Thursday August 21st 2014

Please could adults sit further back…?

theatre-seating

In the last couple of weeks, I have attended a great many children’s shows with my daughter, because I have been writing reviews about them for our Edinburgh Festival Publication ThreeWeeks. There’s an exciting variety of events for kids at the Fringe these days; it wasn’t always so, but certain venues have in recent years made very focused attempts to create child-friendly spaces and programme a breadth of different shows.

In the last week or so, I’ve noticed something which I’m finding a bit irksome, however. The fact is – and I am not quite sure always, why this is – that a lot of children’s shows seem to attract an unaccompanied adult audience. I’ve been to quite a number of shows in recent days at which I’d estimate that 80% plus of the audience are adults attending without children. With some of the shows, it’s obvious why – things like Potted Sherlock are really family shows, not just for children, and much of the humour is actually aimed at an older generation – but some it’s less obvious – perhaps the show just got good reviews? Or perhaps it’s adults who are desperately trying to fill every window in their Fringe day… and first thing in the morning, the choice of adult shows is slim.

Anyway, it doesn’t really matter why. What is bothering me is that these crowds of unaccompanied adults get there early, wait quietly in the queue, and take all the seats in the front rows. It’s their right to do so. I’m not contesting that. But.

A) Often children’s shows have an interactive element, and the performers want to interact with children, not old folks.

B) It’s really hard to find a seat where a small child can sit and actually see the stage if the entire row in front is filled with adults. This is less of a problem if you have very steep tiered seating, but that’s rare at the Fringe. You’re far more likely to be on gently tiered seating or in a venue with no tiers at all, and quite often the show is being performed on the same level as the seating, or on a very small dais.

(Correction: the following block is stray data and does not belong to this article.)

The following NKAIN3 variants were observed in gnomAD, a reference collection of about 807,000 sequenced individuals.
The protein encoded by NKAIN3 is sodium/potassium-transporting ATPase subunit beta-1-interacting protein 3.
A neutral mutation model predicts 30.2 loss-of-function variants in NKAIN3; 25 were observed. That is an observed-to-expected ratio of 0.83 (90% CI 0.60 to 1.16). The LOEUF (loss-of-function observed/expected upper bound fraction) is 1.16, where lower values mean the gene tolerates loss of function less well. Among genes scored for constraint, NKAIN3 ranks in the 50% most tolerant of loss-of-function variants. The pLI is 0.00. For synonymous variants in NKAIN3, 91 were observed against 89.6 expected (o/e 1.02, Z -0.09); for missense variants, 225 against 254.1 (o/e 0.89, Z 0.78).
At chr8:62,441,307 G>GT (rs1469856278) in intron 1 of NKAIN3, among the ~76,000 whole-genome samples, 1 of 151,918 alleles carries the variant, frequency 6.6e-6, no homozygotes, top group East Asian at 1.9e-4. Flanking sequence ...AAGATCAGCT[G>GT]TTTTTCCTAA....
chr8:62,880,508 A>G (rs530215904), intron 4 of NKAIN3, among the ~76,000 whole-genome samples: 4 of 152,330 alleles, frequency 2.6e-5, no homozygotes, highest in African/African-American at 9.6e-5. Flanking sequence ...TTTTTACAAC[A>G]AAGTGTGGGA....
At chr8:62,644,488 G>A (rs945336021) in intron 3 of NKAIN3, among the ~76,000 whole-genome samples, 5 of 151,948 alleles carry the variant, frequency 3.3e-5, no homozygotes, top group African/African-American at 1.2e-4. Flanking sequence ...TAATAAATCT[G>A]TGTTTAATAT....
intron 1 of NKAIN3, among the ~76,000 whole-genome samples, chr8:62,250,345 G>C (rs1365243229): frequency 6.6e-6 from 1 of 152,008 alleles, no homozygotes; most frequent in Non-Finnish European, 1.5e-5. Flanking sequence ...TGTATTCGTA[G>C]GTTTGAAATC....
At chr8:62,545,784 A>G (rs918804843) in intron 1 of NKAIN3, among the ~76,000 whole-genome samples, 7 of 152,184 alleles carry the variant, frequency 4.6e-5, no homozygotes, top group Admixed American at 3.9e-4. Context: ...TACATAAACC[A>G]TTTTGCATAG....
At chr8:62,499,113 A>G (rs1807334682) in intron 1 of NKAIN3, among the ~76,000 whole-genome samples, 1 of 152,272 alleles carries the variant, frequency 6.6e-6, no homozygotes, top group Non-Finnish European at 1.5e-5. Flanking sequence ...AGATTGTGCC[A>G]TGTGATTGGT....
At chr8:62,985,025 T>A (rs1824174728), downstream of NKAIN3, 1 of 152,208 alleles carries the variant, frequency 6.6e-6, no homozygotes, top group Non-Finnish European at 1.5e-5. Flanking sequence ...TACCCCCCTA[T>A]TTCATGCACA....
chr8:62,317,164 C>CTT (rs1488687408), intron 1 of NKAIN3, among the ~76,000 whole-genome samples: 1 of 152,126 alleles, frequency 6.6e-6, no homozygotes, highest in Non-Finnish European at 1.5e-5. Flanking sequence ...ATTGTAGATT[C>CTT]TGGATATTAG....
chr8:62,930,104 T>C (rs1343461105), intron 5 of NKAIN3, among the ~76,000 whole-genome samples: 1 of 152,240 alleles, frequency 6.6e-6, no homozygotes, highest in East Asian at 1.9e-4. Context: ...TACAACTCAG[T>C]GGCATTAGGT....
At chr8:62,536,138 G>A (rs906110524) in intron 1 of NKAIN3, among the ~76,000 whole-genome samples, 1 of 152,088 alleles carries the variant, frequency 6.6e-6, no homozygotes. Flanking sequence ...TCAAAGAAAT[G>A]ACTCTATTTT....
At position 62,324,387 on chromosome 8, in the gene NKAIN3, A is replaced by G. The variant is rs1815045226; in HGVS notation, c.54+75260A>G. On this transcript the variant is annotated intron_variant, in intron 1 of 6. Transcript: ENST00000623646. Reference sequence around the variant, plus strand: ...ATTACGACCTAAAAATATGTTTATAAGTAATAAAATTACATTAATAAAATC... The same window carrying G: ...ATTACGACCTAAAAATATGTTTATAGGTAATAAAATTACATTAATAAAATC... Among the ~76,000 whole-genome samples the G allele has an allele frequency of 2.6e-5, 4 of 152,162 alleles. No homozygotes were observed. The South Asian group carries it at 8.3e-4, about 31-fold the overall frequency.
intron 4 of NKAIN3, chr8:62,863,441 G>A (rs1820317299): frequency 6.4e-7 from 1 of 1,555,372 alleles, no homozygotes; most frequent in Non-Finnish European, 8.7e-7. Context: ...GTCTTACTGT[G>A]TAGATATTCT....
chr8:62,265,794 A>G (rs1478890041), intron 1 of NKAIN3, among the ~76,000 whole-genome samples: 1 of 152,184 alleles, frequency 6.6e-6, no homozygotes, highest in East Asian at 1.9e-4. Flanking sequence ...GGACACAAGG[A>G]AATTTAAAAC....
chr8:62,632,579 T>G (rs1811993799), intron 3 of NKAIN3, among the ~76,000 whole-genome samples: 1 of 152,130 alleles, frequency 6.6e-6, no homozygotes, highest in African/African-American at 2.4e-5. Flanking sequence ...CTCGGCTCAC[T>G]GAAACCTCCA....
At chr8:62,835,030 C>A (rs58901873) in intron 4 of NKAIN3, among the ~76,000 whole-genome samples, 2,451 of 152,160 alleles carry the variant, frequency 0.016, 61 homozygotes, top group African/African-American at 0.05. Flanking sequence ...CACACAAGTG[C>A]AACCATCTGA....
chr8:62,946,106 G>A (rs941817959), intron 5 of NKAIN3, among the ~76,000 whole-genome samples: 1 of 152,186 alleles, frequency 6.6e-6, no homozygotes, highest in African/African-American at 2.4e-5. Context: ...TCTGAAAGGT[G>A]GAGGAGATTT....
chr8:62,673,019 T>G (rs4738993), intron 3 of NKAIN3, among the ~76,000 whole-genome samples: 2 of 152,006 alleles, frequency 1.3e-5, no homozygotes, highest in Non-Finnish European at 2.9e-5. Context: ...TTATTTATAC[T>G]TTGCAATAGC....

On a couple of occasions, it’s felt almost ridiculous; six rows of adults with a good view, and then row after row of children, all desperately craning their necks in order to see something. On a number of occasions, the only thing I could do to get my daughter a view of the action was to sit her on my knee. I probably couldn’t do that if she were a couple of years older, yet she’d still be struggling to see anything.

I’ve only been at one venue where the hall staff actually asked the adults to hold back and allow children to take up the first few rows. I wish this was a universal practice. Like I said earlier, they have a right to sit where they want to sit, having paid for a ticket. But I think it’s a bit mean. The children struggle to see. They’re adults, they’re taller, they’ll do fine on the sixth row. And I think maybe they need to be told that.

 

Image courtesy of Apple’s Eyes Studio / FreeDigitalPhotos.net